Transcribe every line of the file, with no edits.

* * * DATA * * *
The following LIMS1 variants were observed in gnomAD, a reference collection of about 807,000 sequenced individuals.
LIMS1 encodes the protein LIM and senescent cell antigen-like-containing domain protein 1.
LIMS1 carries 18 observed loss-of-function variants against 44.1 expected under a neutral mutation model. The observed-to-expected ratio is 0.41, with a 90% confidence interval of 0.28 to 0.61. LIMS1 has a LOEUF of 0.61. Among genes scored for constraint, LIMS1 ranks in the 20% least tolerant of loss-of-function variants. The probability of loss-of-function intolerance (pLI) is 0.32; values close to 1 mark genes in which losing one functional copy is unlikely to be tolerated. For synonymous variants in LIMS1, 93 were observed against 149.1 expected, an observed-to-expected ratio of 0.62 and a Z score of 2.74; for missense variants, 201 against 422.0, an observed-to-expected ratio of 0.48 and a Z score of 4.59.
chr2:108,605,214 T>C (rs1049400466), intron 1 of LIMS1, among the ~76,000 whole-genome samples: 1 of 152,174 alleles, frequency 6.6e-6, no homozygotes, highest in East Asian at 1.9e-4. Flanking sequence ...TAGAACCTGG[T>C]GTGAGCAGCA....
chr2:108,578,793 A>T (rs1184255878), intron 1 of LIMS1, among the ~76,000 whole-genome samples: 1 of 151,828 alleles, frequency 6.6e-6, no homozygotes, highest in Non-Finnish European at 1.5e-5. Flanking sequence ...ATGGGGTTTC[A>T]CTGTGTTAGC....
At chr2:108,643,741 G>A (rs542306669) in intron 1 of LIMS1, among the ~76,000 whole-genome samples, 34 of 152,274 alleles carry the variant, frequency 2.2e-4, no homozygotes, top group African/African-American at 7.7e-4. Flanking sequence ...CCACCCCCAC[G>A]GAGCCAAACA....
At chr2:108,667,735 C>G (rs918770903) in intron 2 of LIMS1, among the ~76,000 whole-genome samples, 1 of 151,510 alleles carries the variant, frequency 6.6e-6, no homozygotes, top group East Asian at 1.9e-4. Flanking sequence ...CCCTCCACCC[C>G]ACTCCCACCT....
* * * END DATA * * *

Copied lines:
The following LIMS1 variants were observed in gnomAD, a reference collection of about 807,000 sequenced individuals.
LIMS1 encodes the protein LIM and senescent cell antigen-like-containing domain protein 1.
LIMS1 carries 18 observed loss-of-function variants against 44.1 expected under a neutral mutation model. The observed-to-expected ratio is 0.41, with a 90% confidence interval of 0.28 to 0.61. LIMS1 has a LOEUF of 0.61. Among genes scored for constraint, LIMS1 ranks in the 20% least tolerant of loss-of-function variants. The probability of loss-of-function intolerance (pLI) is 0.32; values close to 1 mark genes in which losing one functional copy is unlikely to be tolerated. For synonymous variants in LIMS1, 93 were observed against 149.1 expected, an observed-to-expected ratio of 0.62 and a Z score of 2.74; for missense variants, 201 against 422.0, an observed-to-expected ratio of 0.48 and a Z score of 4.59.
chr2:108,605,214 T>C (rs1049400466), intron 1 of LIMS1, among the ~76,000 whole-genome samples: 1 of 152,174 alleles, frequency 6.6e-6, no homozygotes, highest in East Asian at 1.9e-4. Flanking sequence ...TAGAACCTGG[T>C]GTGAGCAGCA....
chr2:108,578,793 A>T (rs1184255878), intron 1 of LIMS1, among the ~76,000 whole-genome samples: 1 of 151,828 alleles, frequency 6.6e-6, no homozygotes, highest in Non-Finnish European at 1.5e-5. Flanking sequence ...ATGGGGTTTC[A>T]CTGTGTTAGC....
At chr2:108,643,741 G>A (rs542306669) in intron 1 of LIMS1, among the ~76,000 whole-genome samples, 34 of 152,274 alleles carry the variant, frequency 2.2e-4, no homozygotes, top group African/African-American at 7.7e-4. Flanking sequence ...CCACCCCCAC[G>A]GAGCCAAACA....
At chr2:108,667,735 C>G (rs918770903) in intron 2 of LIMS1, among the ~76,000 whole-genome samples, 1 of 151,510 alleles carries the variant, frequency 6.6e-6, no homozygotes, top group East Asian at 1.9e-4. Flanking sequence ...CCCTCCACCC[C>G]ACTCCCACCT....